Finally, the finale lets more and more varied orchestral colors weave and shine through the sonority, with the woodwinds being emphasized in the quieter passages. But Fischer makes the coda a little too clear: instead of hearing the outline of the simulated theme, we hear its individual musical strands, as if we were not seeing a complete impressionistic painting, but the individual blobs of color.
Fischer relaxes in the serenade as he did not in the symphony. The flowing, nimble first movement stays on the right side of the line, its concise accents gently muted. The conventionally weighted second and third are nicely toned, with enough rays of light to vary the dark hue of the third. The fourth has a beautiful elevation and lightness; the fifth is bold and pastoral. Lively wind instruments illuminate the performance; likewise the mild ambient sound with one or two roaring bass pizzicatos.??Stephen Francis Vasta
Nino Rota: Chamber Music
Eric Le Sage, Emmanuel Pahud, others
Alpha746 (24 / 88.2 download). 2021. Louise Burel, Prod .; Jean-Marc Laisné, Ing.
Performance **** ½
Sound *** ½
Indelible memories of Rota’s film scores for Fellini, Visconti, Zeffirelli and Coppola have tarnished his reputation as a meritorious composer. Of the nearly 100 albums on Tidal and / or Qobuz that contain Rota’s music, only a handful are dedicated to his classical compositions. While Rota never strived for the timeless depth of Beethoven, his artistically crafted chamber music shows a lovable mastery of color, mood, joy and melancholy.
This recording, recorded in the cramped acoustics of the Salon Festival International de Musique de Chambre de Provence, features pianist Éric Le Sage, clarinetist Paul Meyer, flautist Emmanuel Pahud, violinist Daishin Kashimoto and seven other players. Nine are Nonetto at their best in 24+ minutes, which took almost 20 years. In this mature work by one of Toscanini’s protégés, you’ll hear shades of Fellini in the first movement and an Italian version of the keystone head running through the final vivacissimo (!). But in between you experience beautiful, touching and undoubtedly lovable music. I particularly liked the large structure up to nowhere at the end of the second movement.
Rota was already known for his film music when he appeared for the second time as a promising classical composer with the Piccola offerta musicale in 1943 at the age of 32. Dedicated to one of his teachers, Alfredo Casella, the 4-minute work demonstrates a delicious understanding of instrumental color. The Trio for Flute, Violin and Piano is a much more serious work, at least at the beginning, and every short piano prelude is a gem. Highly recommended.??Jason Victor Serinus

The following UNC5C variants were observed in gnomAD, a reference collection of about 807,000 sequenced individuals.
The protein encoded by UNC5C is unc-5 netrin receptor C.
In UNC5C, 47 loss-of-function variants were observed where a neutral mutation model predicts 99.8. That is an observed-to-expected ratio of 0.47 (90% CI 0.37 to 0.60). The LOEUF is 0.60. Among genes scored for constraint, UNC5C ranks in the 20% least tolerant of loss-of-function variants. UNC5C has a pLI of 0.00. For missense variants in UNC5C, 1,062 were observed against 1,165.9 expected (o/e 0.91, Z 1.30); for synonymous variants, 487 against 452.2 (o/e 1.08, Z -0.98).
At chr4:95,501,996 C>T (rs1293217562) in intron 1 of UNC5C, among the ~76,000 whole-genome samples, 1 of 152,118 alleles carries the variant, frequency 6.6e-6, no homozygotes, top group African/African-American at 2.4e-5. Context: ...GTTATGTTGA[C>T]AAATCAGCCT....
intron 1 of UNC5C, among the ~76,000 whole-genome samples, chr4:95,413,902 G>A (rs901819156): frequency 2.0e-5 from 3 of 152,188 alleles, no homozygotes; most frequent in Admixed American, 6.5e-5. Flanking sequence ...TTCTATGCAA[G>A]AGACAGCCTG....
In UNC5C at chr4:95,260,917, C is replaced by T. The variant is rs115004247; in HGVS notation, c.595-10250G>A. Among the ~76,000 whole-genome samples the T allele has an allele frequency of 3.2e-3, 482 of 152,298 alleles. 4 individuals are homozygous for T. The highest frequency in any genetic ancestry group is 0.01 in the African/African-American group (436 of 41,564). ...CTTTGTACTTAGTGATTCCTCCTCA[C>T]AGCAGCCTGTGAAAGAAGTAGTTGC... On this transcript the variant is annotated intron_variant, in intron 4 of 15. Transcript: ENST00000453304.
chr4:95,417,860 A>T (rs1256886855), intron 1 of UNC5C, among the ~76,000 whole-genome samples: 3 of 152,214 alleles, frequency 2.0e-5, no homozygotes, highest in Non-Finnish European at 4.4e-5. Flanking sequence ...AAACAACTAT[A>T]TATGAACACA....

Vaughan Williams: Symphonies Nos. 4 & 6
London Symphony Orchestra / Sir Antonio Pappano
LSO Live LSO0867. Andrew Cornall, Prod .; Neil Hutchinson, Jonathan Stokes, engs.
Listeners accustomed to Vaughan Williams in his pastoral and folk song style will find these two symphonies troubling. No. 4 hurls jagged, angular episodes one at a time; even in less agitated passages, unstable harmonies and irregular meters perpetuate a general discomfort. The sixth, supposedly the horrors of the 2nd.
Born in Britain, Pappano brings his operatic temperament to the dramatic intensity of these scores. Rhythmic energy in themes and accompaniments drives the music forward, and he pays attention to color: note the seamless transition from tenor saxophone to bassoon in the epilogue of the Sixth. The various walking bass patterns keep the mood unbalanced. The conclusion of the Sixth creates havoc and finality, and the conductor encounters the relentless turbulence of the Fourth head-on. He confidently shapes the metric patterns of the scherzo and gives the finale a hearty boast, although I wouldn’t swear that everything is precisely coordinated.
The LSO plays confidently. The woodwinds? the plaintive oboe and the lonely flute of the fourth; the cor anglais and tenor saxophone of the sixth are conspicuous. The strings carry the extended pianissimo of the Epilogue of the Sixth superbly.
The technology is alive; Despite all the hustle and bustle, the ambience does not darken any details. Brass eruptions register with depth; in the first movement of the sixth, the reeds are dramatically placed in the center. At some peaks the heights get hard.??Stephen Francis Vasta